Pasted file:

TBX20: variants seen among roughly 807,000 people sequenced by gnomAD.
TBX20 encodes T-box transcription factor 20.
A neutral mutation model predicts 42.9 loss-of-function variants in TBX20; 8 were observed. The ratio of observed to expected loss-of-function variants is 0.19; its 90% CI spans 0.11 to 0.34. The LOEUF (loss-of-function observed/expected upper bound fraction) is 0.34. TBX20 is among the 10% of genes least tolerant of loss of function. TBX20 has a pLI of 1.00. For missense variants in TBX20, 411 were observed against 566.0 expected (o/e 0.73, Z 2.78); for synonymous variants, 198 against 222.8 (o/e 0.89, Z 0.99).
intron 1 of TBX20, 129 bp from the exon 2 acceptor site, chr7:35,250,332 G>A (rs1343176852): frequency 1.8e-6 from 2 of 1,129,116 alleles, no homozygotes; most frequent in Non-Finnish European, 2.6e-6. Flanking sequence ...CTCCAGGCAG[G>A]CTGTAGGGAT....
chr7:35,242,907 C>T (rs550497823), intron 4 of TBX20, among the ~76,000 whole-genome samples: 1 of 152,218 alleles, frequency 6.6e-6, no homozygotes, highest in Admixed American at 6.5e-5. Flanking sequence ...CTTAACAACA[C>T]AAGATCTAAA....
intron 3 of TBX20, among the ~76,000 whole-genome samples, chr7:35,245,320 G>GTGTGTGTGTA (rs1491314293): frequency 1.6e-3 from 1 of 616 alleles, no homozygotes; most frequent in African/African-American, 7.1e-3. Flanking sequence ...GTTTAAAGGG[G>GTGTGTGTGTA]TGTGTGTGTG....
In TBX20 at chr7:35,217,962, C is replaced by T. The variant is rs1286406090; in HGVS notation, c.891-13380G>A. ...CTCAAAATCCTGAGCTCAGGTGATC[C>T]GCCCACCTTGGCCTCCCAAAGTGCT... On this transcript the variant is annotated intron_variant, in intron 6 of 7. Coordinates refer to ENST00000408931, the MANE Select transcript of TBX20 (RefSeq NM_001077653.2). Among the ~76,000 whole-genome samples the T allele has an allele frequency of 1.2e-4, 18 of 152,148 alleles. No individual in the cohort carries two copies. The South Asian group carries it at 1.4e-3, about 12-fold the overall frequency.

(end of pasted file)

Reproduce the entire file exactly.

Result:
TBX20: variants seen among roughly 807,000 people sequenced by gnomAD.
TBX20 encodes T-box transcription factor 20.
A neutral mutation model predicts 42.9 loss-of-function variants in TBX20; 8 were observed. The ratio of observed to expected loss-of-function variants is 0.19; its 90% CI spans 0.11 to 0.34. The LOEUF (loss-of-function observed/expected upper bound fraction) is 0.34. TBX20 is among the 10% of genes least tolerant of loss of function. TBX20 has a pLI of 1.00. For missense variants in TBX20, 411 were observed against 566.0 expected (o/e 0.73, Z 2.78); for synonymous variants, 198 against 222.8 (o/e 0.89, Z 0.99).
intron 1 of TBX20, 129 bp from the exon 2 acceptor site, chr7:35,250,332 G>A (rs1343176852): frequency 1.8e-6 from 2 of 1,129,116 alleles, no homozygotes; most frequent in Non-Finnish European, 2.6e-6. Flanking sequence ...CTCCAGGCAG[G>A]CTGTAGGGAT....
chr7:35,242,907 C>T (rs550497823), intron 4 of TBX20, among the ~76,000 whole-genome samples: 1 of 152,218 alleles, frequency 6.6e-6, no homozygotes, highest in Admixed American at 6.5e-5. Flanking sequence ...CTTAACAACA[C>T]AAGATCTAAA....
intron 3 of TBX20, among the ~76,000 whole-genome samples, chr7:35,245,320 G>GTGTGTGTGTA (rs1491314293): frequency 1.6e-3 from 1 of 616 alleles, no homozygotes; most frequent in African/African-American, 7.1e-3. Flanking sequence ...GTTTAAAGGG[G>GTGTGTGTGTA]TGTGTGTGTG....
In TBX20 at chr7:35,217,962, C is replaced by T. The variant is rs1286406090; in HGVS notation, c.891-13380G>A. ...CTCAAAATCCTGAGCTCAGGTGATC[C>T]GCCCACCTTGGCCTCCCAAAGTGCT... On this transcript the variant is annotated intron_variant, in intron 6 of 7. Coordinates refer to ENST00000408931, the MANE Select transcript of TBX20 (RefSeq NM_001077653.2). Among the ~76,000 whole-genome samples the T allele has an allele frequency of 1.2e-4, 18 of 152,148 alleles. No individual in the cohort carries two copies. The South Asian group carries it at 1.4e-3, about 12-fold the overall frequency.